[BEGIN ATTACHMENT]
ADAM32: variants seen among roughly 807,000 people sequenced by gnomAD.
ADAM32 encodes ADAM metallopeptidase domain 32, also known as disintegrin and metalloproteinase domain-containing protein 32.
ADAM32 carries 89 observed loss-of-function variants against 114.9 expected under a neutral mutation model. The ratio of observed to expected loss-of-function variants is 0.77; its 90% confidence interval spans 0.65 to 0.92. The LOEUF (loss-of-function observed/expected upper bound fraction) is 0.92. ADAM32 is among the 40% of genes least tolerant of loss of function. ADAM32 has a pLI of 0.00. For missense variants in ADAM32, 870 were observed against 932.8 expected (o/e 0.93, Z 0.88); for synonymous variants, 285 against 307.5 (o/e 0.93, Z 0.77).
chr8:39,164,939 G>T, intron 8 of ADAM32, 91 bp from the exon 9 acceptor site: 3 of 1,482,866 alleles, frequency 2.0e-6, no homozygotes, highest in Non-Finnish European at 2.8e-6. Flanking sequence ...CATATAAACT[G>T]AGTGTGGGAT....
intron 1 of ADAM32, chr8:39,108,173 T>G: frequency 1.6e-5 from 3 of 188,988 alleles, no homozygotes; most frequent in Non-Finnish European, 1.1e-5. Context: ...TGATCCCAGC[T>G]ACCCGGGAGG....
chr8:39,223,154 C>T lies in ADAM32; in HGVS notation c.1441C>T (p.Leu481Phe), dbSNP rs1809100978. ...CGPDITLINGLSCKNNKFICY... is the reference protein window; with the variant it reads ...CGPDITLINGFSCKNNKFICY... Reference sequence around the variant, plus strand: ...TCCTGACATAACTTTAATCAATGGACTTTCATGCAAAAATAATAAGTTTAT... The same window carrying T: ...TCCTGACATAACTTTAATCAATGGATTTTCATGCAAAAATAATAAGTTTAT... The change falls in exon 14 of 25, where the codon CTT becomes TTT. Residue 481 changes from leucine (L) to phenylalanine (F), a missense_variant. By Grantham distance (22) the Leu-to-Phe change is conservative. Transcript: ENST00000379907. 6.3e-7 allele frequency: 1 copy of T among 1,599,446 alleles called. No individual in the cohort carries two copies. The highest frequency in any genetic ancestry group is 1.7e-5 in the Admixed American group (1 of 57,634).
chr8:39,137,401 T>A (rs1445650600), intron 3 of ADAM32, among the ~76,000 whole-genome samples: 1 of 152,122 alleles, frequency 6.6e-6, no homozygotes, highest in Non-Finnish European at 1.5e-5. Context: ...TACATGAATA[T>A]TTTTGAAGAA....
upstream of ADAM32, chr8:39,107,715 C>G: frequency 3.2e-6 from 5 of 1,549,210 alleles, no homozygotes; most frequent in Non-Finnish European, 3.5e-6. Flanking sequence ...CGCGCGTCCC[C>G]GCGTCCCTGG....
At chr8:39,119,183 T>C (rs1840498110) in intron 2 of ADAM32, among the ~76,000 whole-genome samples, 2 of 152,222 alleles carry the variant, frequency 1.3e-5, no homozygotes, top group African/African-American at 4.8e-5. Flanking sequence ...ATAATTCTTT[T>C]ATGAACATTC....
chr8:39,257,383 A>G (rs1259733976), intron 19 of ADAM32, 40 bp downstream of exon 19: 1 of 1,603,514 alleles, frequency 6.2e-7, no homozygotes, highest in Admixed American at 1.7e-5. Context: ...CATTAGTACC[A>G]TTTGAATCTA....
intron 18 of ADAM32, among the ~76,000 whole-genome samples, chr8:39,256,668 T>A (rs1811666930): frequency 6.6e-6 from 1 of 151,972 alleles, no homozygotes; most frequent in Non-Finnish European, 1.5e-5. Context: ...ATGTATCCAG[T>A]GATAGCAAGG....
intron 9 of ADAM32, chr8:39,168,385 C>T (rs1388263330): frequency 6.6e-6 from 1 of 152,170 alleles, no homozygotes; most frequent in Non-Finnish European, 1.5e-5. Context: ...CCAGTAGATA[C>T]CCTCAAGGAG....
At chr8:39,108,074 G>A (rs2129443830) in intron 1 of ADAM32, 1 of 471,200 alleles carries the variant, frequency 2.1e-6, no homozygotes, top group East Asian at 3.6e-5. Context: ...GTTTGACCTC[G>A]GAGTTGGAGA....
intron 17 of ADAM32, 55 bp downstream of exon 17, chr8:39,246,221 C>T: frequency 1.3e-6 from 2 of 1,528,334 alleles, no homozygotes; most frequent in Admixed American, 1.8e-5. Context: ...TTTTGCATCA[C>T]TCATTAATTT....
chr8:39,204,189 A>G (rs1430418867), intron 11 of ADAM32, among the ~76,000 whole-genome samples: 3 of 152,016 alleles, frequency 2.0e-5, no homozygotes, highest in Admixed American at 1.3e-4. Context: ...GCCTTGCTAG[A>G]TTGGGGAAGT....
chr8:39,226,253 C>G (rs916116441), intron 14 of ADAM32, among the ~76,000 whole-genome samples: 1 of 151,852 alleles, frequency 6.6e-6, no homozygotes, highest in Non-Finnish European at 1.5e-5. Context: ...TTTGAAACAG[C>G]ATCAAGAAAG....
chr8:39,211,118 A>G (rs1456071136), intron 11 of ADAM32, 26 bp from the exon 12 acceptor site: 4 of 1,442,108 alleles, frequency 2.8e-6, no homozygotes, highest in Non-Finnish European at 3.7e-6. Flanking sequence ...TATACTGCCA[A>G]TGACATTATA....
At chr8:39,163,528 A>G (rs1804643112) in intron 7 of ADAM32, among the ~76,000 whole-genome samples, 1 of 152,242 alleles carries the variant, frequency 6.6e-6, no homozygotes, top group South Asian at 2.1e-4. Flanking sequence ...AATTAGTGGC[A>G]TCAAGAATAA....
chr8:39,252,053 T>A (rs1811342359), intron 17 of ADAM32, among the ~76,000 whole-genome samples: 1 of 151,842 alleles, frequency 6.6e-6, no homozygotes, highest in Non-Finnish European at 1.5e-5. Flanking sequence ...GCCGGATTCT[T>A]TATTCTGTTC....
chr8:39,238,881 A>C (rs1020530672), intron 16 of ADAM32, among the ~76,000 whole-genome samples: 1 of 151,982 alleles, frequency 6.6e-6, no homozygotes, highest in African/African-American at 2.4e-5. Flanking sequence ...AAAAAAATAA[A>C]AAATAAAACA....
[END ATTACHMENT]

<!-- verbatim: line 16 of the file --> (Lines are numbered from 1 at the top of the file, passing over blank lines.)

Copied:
chr8:39,226,253 C>G (rs916116441), intron 14 of ADAM32, among the ~76,000 whole-genome samples: 1 of 151,852 alleles, frequency 6.6e-6, no homozygotes, highest in Non-Finnish European at 1.5e-5. Context: ...TTTGAAACAG[C>G]ATCAAGAAAG....